Dear Reader: Economics of madhouse in NHS + Bettys as installation art!

The Harrogate Advertiser's Graham Chalmers
The Harrogate Advertiser's Graham Chalmers

A regular column by the Harrogate Advertiser's Graham Chalmers

After paying taxes for 30 years I’m about to experience the inside of a hospital for the first time as a patient rather than a visitor.

Bettys in Harrogate under wraps.

Bettys in Harrogate under wraps.

My mum was an NHS nurse for a long time, so I’m feeling okay about the prospect, I think.

That said, the news isn’t doing anything to calm any reservations I may be harbouring.

In the latest of a series of features in this newspaper, one of my colleagues, Hollie Bone, writes about the scale of the financial crisis facing the NHS and the likely implications for our district.

The latest in a long line of shake-ups is known as STP, (standing for Sustainability and Transformation) which will see Harrogate joining West Yorkshire for the purposes of providing health care.

So clear is the crisis in the health service, even the Daily Mail acknowledged it earlier this week in loud headlines on its front page which revealed that NHS hospitals in England had already lost 15,000 beds in the last six years.

Perhaps the situation has become so serious that politics have been replaced with reality, propaganda with facts?

Perhaps not.

Last week’s investigation into STPs in this newspaper showed that to achieve a potential saving of a £1 billion in the new NHS Harrogate and West Yorkshire unit, £732 milllion would have to be spent on reorganisation.

It looks like an obvious example of the “economics of the madhouse”, to resort to a phrase popularised by one of Thatcher’s advisors in the 1980s during the crisis over the future of the mining industry.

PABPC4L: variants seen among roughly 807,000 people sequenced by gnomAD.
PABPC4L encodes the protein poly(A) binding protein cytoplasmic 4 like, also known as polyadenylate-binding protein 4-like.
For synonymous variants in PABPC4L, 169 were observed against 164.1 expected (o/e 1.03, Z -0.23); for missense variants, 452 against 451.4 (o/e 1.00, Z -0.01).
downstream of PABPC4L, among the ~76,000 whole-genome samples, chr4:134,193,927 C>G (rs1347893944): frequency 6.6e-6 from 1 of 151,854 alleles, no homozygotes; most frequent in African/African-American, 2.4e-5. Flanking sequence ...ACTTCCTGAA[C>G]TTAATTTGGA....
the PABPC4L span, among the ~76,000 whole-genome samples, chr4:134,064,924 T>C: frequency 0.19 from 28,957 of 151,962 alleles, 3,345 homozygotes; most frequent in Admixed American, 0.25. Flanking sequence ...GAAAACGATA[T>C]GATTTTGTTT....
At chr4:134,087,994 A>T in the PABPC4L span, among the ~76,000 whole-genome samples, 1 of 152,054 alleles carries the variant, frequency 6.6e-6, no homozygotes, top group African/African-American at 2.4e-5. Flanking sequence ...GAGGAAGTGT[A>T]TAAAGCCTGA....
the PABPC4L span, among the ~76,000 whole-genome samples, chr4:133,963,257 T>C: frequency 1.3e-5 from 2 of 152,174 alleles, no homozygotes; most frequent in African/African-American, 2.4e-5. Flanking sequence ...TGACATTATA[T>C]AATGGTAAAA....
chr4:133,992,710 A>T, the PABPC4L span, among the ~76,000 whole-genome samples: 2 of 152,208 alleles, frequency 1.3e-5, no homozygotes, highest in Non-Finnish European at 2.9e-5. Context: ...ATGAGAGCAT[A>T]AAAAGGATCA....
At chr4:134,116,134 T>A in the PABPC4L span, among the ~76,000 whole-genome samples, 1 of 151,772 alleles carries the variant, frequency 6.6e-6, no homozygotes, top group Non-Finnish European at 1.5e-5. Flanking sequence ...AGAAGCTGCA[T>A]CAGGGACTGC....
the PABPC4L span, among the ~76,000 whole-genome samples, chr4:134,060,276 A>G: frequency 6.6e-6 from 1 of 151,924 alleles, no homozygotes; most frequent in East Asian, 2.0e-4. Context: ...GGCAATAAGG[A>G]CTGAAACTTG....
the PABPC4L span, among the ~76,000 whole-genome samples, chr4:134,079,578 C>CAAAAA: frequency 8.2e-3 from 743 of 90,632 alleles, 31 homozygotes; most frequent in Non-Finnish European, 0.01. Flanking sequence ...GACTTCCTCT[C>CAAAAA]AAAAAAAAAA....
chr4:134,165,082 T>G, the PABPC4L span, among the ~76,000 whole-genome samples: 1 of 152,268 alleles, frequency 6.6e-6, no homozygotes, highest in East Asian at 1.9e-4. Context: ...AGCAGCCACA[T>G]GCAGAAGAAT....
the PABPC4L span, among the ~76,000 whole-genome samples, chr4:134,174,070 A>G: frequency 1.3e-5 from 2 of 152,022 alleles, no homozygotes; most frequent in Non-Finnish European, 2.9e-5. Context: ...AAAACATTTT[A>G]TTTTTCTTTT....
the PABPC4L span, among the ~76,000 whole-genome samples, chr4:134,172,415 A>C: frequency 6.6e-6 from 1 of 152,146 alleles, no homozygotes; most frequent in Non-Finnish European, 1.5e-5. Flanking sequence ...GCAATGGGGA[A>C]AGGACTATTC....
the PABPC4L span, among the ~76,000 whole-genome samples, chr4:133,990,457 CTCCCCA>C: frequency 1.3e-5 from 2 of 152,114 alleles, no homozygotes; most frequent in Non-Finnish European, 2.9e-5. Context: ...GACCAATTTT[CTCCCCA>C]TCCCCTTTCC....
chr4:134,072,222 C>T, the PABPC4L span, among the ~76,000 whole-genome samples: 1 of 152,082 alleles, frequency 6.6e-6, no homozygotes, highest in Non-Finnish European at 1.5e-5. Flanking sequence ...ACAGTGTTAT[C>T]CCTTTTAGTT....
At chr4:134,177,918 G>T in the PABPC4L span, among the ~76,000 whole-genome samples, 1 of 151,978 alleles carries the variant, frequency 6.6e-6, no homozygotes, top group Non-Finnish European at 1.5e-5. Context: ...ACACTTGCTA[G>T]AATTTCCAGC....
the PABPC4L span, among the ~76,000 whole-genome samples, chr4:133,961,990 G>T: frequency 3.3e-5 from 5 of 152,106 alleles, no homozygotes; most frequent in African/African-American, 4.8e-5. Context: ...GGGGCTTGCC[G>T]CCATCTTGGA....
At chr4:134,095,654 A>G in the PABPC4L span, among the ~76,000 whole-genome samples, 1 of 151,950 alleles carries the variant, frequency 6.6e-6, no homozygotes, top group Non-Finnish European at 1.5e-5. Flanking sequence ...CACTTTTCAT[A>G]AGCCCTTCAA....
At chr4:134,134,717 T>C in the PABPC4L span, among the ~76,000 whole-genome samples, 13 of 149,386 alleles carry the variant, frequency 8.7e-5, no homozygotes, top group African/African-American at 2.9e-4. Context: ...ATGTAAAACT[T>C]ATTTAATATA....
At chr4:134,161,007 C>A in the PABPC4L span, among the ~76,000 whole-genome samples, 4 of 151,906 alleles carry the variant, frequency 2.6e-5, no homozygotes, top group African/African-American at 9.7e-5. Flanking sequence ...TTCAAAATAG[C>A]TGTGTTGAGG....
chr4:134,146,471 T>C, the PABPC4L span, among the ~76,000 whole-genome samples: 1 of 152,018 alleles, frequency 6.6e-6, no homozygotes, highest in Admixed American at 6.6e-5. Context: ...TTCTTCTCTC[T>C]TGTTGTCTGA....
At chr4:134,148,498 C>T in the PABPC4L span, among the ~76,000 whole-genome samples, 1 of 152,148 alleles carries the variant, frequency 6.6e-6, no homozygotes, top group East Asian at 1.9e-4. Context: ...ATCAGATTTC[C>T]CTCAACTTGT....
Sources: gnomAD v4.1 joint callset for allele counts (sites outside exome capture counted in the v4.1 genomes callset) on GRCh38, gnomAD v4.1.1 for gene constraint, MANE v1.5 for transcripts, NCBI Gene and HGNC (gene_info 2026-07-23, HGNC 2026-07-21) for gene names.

Perhaps restructuring is now the great British disease?

If you’re feeling in need of a little boost, there’s a lovely place to go in Harrogate - if you happen to have some change in your pocket.

To step into the Imperial Suite upstairs at Bettys is to return to an age of elegance which probably only a small percentage of people sampled at the time.

The Lady Betty Afternoon Teacomes complete with bijoux sandwiches and little cakes, mini-sized scones, smoked salmon and, oh, tea, obviously.

As gorgeous as it all is, it has to be said the view isn’t quite what it was. Bettys is temporarily under wraps right now, its large façade covered in white sheets and scaffolding.

I’m sure most people will be delighted when the repair work on this iconic building is completed in a few weeks time but I quite like its new look.

It makes this bastion of tradition look like a modern art gallery in Bilbao or Berlin.

I was in Hull the other week to see how it’s faring as this year’s City of Culture.

Its main attraction is a cream-coloured art installation piece which dominates the heart of the city like a gigantic, discarded propeller from an aeroplane.

People clearly love it.

Perhaps we should bring back those sheets at Bettys sometime?